US marketing spend to rise

16 February 2011

NEW YORK: Marketing expenditure levels through both traditional and digital channels are set to improve this year in the US, a poll of executives has found.

Duke University's Fuqua School of Business and trade body the American Marketing Association polled 421 senior marketers.

Using a 100-point scale, participants awarded the contemporary economic situation 63.3 points, measured against 55.6 points in similar research published in August 2010.

Concerning the revenue prospects for their own company, respondents supplied an average 73.2 points, up on 66.7 points in the last round of analysis.

More specifically, 74% of contributors believed shopper purchase volumes would increase in the next 12 months, while 59% thought established customers may acquire greater numbers of related goods.

Another 53% reported they now had a stronger capacity to retain loyal buyers, and 49% expected new category entrants to provide profitable possibilities.

The proportion of industry specialists anticipating their target audience might continue to focus on low prices fell from 56.9% in August 2010 to 48.3% in February 2011.

Such figures stood at 64% and 71.2% regarding service and reached 64.6% and 62.4% covering quality.

In contrast, innovation saw an uptick of over six percentage points, lodging 34%, trust leapt by nearly three points to 60.7%, and brand attributes gained more than six points, hitting 25.5%.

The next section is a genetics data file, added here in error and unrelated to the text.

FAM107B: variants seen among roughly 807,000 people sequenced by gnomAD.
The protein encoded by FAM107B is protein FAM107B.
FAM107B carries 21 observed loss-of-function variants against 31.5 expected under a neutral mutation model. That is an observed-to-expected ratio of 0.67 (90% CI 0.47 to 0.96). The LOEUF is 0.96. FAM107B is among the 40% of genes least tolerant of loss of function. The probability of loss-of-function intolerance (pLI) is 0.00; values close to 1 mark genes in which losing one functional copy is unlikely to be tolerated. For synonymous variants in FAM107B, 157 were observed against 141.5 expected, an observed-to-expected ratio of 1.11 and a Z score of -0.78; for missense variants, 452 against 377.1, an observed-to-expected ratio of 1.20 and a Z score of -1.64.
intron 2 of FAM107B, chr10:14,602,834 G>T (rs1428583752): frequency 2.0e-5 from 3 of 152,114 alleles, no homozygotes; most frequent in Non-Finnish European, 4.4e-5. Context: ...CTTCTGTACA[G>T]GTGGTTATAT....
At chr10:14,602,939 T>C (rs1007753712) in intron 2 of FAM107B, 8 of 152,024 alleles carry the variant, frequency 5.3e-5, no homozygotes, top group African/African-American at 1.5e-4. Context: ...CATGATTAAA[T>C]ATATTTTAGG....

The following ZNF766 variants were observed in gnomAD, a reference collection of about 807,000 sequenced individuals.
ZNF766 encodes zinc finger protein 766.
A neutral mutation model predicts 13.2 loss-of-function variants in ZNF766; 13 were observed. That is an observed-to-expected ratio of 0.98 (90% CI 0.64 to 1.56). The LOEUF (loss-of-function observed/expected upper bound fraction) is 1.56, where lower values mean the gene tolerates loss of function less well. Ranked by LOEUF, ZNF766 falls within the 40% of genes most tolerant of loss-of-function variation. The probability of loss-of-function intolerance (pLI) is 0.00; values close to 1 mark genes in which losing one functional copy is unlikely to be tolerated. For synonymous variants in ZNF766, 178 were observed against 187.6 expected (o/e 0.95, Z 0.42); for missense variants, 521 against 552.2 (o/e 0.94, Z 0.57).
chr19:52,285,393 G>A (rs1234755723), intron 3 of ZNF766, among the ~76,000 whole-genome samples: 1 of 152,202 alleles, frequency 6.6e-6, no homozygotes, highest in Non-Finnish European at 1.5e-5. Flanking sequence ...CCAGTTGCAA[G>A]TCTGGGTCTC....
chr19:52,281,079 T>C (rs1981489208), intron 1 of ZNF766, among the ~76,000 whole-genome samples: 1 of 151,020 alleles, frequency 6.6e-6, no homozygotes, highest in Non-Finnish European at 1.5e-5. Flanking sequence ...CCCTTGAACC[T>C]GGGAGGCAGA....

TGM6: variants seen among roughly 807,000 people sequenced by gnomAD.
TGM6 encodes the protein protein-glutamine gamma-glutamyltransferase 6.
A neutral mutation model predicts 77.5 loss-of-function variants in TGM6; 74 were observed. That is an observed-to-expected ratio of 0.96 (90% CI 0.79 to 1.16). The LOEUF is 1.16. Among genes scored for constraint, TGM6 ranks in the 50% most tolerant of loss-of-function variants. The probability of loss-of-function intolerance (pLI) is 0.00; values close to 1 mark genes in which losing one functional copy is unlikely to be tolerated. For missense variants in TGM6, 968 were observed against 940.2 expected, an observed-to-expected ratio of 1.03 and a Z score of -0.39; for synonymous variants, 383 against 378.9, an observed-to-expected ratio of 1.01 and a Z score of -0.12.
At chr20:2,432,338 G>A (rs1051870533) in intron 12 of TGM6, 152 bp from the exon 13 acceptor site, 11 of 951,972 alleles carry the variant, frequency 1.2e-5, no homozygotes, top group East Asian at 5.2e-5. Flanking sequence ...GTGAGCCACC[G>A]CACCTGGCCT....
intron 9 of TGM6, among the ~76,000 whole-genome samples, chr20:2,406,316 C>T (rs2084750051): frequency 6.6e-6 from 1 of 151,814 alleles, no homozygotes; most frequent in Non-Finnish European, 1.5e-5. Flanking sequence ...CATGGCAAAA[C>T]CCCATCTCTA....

In identifying the factors supporting current strategies, 56.8% of the panel cited company leadership, 53.1% mentioned an "opportunity to leverage brands" and 43.9% referenced price-sensitive consumers.

However, developing existing relationships was by far the leading motivator in this area, yielding 81.3%.

When discussing marketing budgets for the year, interviewees pegged the normal projected lift at 6.7%.

Traditional media expenditure is set to expand 2.4%, while the resources behind introducing new products grow 8.2% and spending on brand-building jumps 9.1%, the same total as customer relationship management.

The funding dedicated to web-based initiatives is in line to deliver the largest growth, rising 12.1% in the coming year.

Approximately 8% of budgets will go to marketing research and intelligence, with 4.7% allocated to marketing consulting, 8.8% to enhancing knowledge, 8.1% to consolidating information and 5.6% to training.

The typical executive revealed sales increased by 4% in the year prior to the survey, when market share levels grew 2.5%, and marketing payback rose 2.7%.

Customer acquisition scores surged 3.4%, retention rates improved 2.7% and brand value climbed 5.3%, and the short term goals surrounding these metrics are around two percentage points higher in almost all cases.

At present, social media takes 5.6% of communications outlay, an amount forecast to attain 9.8% in the next 12 months, and 18.1% in five years time.

Less favourably, 42% of the sample agreed the integration of schemes utilising sites like Twitter and Facebook with overall marketing strategies was "below average", and only 11% said such efforts had been "very effective".

Teams working on Web 2.0 platforms generally consist of roughly five employees, and a majority of staff taking responsibility for this field are drawn from marketing departments.

Consumer-facing organisations most frequently outsource some duties here, as more than four people from external partners offer assistance.

Apple, Bank of America, FedEx, IBM and General Electric were among the firms argued to be demonstrating best practice in terms of their overarching marketing activity, the report added.

Data sourced from Duke University; additional content by Warc staff